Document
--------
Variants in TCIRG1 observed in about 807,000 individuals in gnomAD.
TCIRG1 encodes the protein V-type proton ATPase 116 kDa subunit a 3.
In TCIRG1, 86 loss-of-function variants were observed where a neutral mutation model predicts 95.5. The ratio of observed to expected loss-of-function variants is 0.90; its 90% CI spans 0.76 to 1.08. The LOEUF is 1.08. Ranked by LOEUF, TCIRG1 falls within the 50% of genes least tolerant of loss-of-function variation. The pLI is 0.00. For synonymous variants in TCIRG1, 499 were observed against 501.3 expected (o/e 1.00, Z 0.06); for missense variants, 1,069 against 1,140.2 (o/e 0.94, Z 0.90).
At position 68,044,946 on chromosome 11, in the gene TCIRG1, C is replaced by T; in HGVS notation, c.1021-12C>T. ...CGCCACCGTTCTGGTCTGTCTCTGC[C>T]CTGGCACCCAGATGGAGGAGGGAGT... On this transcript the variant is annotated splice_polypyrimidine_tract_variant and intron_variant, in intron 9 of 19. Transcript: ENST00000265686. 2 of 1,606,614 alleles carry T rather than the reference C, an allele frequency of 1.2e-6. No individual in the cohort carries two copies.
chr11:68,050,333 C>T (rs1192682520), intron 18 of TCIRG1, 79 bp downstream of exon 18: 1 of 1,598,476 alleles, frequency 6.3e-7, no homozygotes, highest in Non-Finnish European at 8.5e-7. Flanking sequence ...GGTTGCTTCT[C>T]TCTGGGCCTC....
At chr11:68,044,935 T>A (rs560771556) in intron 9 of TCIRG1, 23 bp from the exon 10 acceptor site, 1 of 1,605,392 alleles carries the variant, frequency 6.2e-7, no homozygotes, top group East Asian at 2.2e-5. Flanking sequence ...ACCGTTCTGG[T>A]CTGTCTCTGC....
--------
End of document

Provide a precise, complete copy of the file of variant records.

Variants in TCIRG1 observed in about 807,000 individuals in gnomAD.
TCIRG1 encodes the protein V-type proton ATPase 116 kDa subunit a 3.
In TCIRG1, 86 loss-of-function variants were observed where a neutral mutation model predicts 95.5. The ratio of observed to expected loss-of-function variants is 0.90; its 90% CI spans 0.76 to 1.08. The LOEUF is 1.08. Ranked by LOEUF, TCIRG1 falls within the 50% of genes least tolerant of loss-of-function variation. The pLI is 0.00. For synonymous variants in TCIRG1, 499 were observed against 501.3 expected (o/e 1.00, Z 0.06); for missense variants, 1,069 against 1,140.2 (o/e 0.94, Z 0.90).
At position 68,044,946 on chromosome 11, in the gene TCIRG1, C is replaced by T; in HGVS notation, c.1021-12C>T. ...CGCCACCGTTCTGGTCTGTCTCTGC[C>T]CTGGCACCCAGATGGAGGAGGGAGT... On this transcript the variant is annotated splice_polypyrimidine_tract_variant and intron_variant, in intron 9 of 19. Transcript: ENST00000265686. 2 of 1,606,614 alleles carry T rather than the reference C, an allele frequency of 1.2e-6. No individual in the cohort carries two copies.
chr11:68,050,333 C>T (rs1192682520), intron 18 of TCIRG1, 79 bp downstream of exon 18: 1 of 1,598,476 alleles, frequency 6.3e-7, no homozygotes, highest in Non-Finnish European at 8.5e-7. Flanking sequence ...GGTTGCTTCT[C>T]TCTGGGCCTC....
At chr11:68,044,935 T>A (rs560771556) in intron 9 of TCIRG1, 23 bp from the exon 10 acceptor site, 1 of 1,605,392 alleles carries the variant, frequency 6.2e-7, no homozygotes, top group East Asian at 2.2e-5. Flanking sequence ...ACCGTTCTGG[T>A]CTGTCTCTGC....